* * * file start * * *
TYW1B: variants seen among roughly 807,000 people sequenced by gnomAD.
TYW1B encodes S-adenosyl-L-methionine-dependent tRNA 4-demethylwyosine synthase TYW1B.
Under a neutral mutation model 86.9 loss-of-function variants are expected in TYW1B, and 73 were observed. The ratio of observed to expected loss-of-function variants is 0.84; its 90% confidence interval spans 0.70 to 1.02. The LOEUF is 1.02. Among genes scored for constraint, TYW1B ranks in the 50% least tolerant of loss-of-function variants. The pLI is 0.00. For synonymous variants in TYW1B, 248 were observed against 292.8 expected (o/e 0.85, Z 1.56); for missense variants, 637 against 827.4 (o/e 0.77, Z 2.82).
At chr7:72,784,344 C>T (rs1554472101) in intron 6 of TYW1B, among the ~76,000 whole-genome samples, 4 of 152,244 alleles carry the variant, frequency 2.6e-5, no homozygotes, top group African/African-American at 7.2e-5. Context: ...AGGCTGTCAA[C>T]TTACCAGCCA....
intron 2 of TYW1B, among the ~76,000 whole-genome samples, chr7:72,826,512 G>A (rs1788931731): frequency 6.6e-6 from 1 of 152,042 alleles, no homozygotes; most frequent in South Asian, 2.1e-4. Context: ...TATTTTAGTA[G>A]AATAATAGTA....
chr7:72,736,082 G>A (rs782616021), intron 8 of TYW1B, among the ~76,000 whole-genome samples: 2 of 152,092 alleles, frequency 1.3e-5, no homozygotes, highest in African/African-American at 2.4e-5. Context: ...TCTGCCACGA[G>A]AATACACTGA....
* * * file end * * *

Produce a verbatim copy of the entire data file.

TYW1B: variants seen among roughly 807,000 people sequenced by gnomAD.
TYW1B encodes S-adenosyl-L-methionine-dependent tRNA 4-demethylwyosine synthase TYW1B.
Under a neutral mutation model 86.9 loss-of-function variants are expected in TYW1B, and 73 were observed. The ratio of observed to expected loss-of-function variants is 0.84; its 90% confidence interval spans 0.70 to 1.02. The LOEUF is 1.02. Among genes scored for constraint, TYW1B ranks in the 50% least tolerant of loss-of-function variants. The pLI is 0.00. For synonymous variants in TYW1B, 248 were observed against 292.8 expected (o/e 0.85, Z 1.56); for missense variants, 637 against 827.4 (o/e 0.77, Z 2.82).
At chr7:72,784,344 C>T (rs1554472101) in intron 6 of TYW1B, among the ~76,000 whole-genome samples, 4 of 152,244 alleles carry the variant, frequency 2.6e-5, no homozygotes, top group African/African-American at 7.2e-5. Context: ...AGGCTGTCAA[C>T]TTACCAGCCA....
intron 2 of TYW1B, among the ~76,000 whole-genome samples, chr7:72,826,512 G>A (rs1788931731): frequency 6.6e-6 from 1 of 152,042 alleles, no homozygotes; most frequent in South Asian, 2.1e-4. Context: ...TATTTTAGTA[G>A]AATAATAGTA....
chr7:72,736,082 G>A (rs782616021), intron 8 of TYW1B, among the ~76,000 whole-genome samples: 2 of 152,092 alleles, frequency 1.3e-5, no homozygotes, highest in African/African-American at 2.4e-5. Context: ...TCTGCCACGA[G>A]AATACACTGA....